The client runs a fairly successful e-commerce website. They run two main applications within their architecture – vBulletin and WordPress.

vBulletin is used for their support and collaboration forums, while WordPress for their main website and e-commerce. This appears to be a pretty standard configuration across most larger web application environments these days.

Everything is sitting on a LAMP (Linux / Apache / MySQL / PHP) stack, so nothing too special there. For the most part, things are up to date, they might be a version or two behind, but none of it earth shattering or something worth writing home about.

In regards to security, they are running CloudFlare.

All in all, it probably sounds a lot like your environment[s].

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Google Bots Doing SQL Injection Attacks

One of the things we have to be very sensitive about when writing rules for our CloudProxy Website Firewall is to never block any major search engine bot (ie., Google, Bing, Yahoo, etc..).

To date, we’ve been pretty good about this, but every now and then you come across unique scenarios like the one in this post, that make you scratch your head and think, what if a legitimate search engine bot was being used to attack the site? Should we still allow the attack to go through?

This is exactly what happened a few days ago on a client site; we began blocking certain Google’s IP addresses requests because they were in fact SQL injection attacks. Yes, Google bots were actually attacking a website.

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Sucuri CloudProxy WAF Plugin for WordPress

If you are using our CloudProxy WAF to protect your WordPress websites, we highly recommend that you also install our new CloudProxy plugin for WordPress. It has been public for a few weeks, and now we feel it is ready for production use, hence the announcement. :)

sucuri-cloudproxy-wordpress-waf-plugin

You can download the plugin from WordPress Plugin Directory, or directly in your WordPress wp-admin panel by searching for CloudProxy from the “Add New Plugin” page.

The Sucuri CloudProxy WAF plugin is free from the WordPress repository, and allows direct access to your CloudProxy dashboard from within your WordPress wp-admin panel. It allows you to see your audit logs and security events, clear caching, and overall easier management of your CloudProxy account without the need to login to Sucuri.net.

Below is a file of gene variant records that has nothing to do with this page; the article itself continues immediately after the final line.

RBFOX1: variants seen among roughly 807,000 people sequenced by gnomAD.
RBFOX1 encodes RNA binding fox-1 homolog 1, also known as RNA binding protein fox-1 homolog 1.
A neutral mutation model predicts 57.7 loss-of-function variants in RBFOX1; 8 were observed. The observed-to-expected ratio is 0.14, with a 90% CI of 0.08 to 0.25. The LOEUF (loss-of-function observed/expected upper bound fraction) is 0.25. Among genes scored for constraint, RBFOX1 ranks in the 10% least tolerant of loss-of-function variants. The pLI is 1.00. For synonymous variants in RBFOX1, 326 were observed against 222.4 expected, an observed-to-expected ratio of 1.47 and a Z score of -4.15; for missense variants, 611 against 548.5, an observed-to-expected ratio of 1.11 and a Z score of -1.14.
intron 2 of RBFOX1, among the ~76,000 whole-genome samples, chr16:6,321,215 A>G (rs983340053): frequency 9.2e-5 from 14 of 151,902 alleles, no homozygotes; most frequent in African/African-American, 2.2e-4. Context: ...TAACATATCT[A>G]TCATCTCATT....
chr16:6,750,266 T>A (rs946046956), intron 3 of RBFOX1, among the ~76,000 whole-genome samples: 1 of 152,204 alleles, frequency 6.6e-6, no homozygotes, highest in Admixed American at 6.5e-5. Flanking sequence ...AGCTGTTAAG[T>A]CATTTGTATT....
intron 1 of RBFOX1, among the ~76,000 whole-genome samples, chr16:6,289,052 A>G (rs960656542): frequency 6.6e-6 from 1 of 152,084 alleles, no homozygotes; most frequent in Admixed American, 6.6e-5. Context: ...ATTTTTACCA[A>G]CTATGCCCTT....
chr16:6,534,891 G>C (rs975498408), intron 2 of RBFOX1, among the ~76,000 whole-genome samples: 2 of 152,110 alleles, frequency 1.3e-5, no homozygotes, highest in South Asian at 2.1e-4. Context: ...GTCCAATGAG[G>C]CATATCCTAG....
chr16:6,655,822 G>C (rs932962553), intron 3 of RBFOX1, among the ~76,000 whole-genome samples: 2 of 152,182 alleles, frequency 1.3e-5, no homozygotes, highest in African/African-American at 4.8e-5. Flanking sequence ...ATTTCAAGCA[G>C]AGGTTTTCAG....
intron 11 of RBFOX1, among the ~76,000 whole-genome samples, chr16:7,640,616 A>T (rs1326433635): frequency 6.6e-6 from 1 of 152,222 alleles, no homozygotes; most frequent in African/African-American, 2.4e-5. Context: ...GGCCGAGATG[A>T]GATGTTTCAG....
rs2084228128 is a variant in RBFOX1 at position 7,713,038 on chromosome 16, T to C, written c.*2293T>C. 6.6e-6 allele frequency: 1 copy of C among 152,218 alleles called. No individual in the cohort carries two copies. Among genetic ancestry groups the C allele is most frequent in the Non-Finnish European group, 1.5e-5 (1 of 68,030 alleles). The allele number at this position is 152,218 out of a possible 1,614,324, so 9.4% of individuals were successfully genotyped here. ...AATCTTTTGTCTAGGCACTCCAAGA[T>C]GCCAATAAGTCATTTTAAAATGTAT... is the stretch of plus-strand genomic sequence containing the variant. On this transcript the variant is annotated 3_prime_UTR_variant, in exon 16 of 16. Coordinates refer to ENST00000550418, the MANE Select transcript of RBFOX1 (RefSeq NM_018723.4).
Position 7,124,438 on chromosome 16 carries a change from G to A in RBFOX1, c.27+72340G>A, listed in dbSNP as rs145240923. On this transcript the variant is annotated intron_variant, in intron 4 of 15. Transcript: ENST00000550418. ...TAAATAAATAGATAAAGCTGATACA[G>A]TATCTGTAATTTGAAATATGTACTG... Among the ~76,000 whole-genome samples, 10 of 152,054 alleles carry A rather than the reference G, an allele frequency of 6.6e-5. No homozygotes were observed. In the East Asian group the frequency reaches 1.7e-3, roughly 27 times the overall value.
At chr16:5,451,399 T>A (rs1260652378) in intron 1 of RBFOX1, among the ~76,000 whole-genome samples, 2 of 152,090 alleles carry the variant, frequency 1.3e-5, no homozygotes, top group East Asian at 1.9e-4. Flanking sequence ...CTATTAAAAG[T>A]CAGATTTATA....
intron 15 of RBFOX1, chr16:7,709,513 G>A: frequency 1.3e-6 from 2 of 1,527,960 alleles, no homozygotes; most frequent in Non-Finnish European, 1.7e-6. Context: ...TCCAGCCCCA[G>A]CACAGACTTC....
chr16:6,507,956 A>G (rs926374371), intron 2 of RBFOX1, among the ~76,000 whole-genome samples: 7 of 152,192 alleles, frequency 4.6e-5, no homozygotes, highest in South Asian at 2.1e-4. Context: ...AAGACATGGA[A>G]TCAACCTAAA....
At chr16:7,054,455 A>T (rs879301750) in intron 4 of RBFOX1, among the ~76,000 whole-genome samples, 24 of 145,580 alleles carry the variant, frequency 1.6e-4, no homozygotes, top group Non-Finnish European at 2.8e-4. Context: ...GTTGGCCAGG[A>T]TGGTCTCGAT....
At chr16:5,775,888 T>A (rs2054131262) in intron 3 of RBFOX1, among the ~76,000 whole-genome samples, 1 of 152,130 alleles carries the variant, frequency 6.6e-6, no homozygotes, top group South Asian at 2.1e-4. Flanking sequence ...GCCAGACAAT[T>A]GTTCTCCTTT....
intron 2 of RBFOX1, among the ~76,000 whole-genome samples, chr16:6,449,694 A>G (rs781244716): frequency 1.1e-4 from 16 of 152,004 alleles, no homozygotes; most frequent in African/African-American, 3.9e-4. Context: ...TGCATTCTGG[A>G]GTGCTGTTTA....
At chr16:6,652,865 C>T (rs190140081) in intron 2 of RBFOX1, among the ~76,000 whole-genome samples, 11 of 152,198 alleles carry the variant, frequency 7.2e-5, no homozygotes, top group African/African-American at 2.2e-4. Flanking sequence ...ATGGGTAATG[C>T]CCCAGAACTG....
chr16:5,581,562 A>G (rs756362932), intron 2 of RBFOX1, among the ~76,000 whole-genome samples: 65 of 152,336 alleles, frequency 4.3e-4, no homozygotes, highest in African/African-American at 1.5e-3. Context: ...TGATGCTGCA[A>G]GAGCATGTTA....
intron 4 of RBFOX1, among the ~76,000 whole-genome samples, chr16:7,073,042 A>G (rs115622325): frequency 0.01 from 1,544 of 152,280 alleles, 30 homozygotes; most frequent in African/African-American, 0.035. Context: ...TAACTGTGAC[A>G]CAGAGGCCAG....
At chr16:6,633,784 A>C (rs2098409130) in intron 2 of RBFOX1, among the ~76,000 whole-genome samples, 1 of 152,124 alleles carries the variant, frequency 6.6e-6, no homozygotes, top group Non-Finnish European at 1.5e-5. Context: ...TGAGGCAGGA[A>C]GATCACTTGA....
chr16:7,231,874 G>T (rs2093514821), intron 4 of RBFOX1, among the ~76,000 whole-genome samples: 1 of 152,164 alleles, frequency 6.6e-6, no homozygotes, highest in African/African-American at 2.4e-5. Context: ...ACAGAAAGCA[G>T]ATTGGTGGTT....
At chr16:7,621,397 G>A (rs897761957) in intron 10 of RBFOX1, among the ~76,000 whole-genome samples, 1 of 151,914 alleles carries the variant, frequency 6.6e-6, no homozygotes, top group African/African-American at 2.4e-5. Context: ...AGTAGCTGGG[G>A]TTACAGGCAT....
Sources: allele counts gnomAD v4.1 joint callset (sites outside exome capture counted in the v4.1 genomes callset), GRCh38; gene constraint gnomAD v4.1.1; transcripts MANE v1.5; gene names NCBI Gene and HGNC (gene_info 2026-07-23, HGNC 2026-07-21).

Note:The CloudProxy plugin doesn’t add any additional security measures beyond what’s offered in the CloudProxy service. The plugin is not required for CloudProxy use.

*ps: if you are not using CloudProxy, you should. Go check out CloudProxy today!

WHMCS SQL Injection Vulnerability in the Wild

A few days ago, a zero-day SQL injection vulnerability in WHMCS was disclosed by localhost.re, along with the exploit code. It was quickly patched by the WHCMS team and rated as critical since it allows an attacker full access to the database hosting WHMCS:

The vulnerability allows an attacker, who has valid login to the installed product, to craft a SQL Injection Attack via a specific URL query parameter against any product page that updates database information.

Creating a valid login is very easy and allowed by default through the registration page.

WHMCS is very popular amongst hosts, and if you use it, you need to update/patch it ASAP!

Attacks in the wild

Due to its severity, we knew it wouldn’t take long before attackers started to use it in the wild. Yesterday we detected the first cases of servers getting compromised due to it. This is an example that was triggered on our honeypots:

First Name: 'USERX' to 'AES_ENCRYPT(1,1), firstname= (SELECT GROUP_CONCAT(id,0x3a,username,0x3a,email,0x3a,password SEPARATOR 0x2c20) FROM tbladmins)'
Last Name: 'LASTNAME' to '1'
Company Name: 'COMPANYNAME' to '1'
Address 1: 'USA' to '1'

As you can see, it is leveraging the SQL injection (by modifying the first name) to dump the user database along with hashed passwords from the database.

If you are using WHMCS, you have to update it now! Our users running our CloudProxy WAF are already protected by it, but we still recommend the update.

CloudProxy WAF – September Report

*By Tony Perez and Daniel Cid

As many of you are aware we released a website protection tool, CloudProxy WAF/IDS, at the beginning of the year and over the past few months we have been working with the data we’ve been accumulating. We’re finally at a place where we think we can provide better insight into the world of website attacks.

What we’re hoping to do is provide a monthly summary, similar to what you’ll read here that helps you understand the various website attacks we see via our CloudProxy WAF/IDS. It will also, hopefully, shed insight into the growing online threats that website owners face daily.

September 2013

We have some very small and some big sites with us. And the first thing we noticed is that even the smaller sites get attacked quite often. All sites do.

Every web site gets attacked. And that happens daily. Many times per day.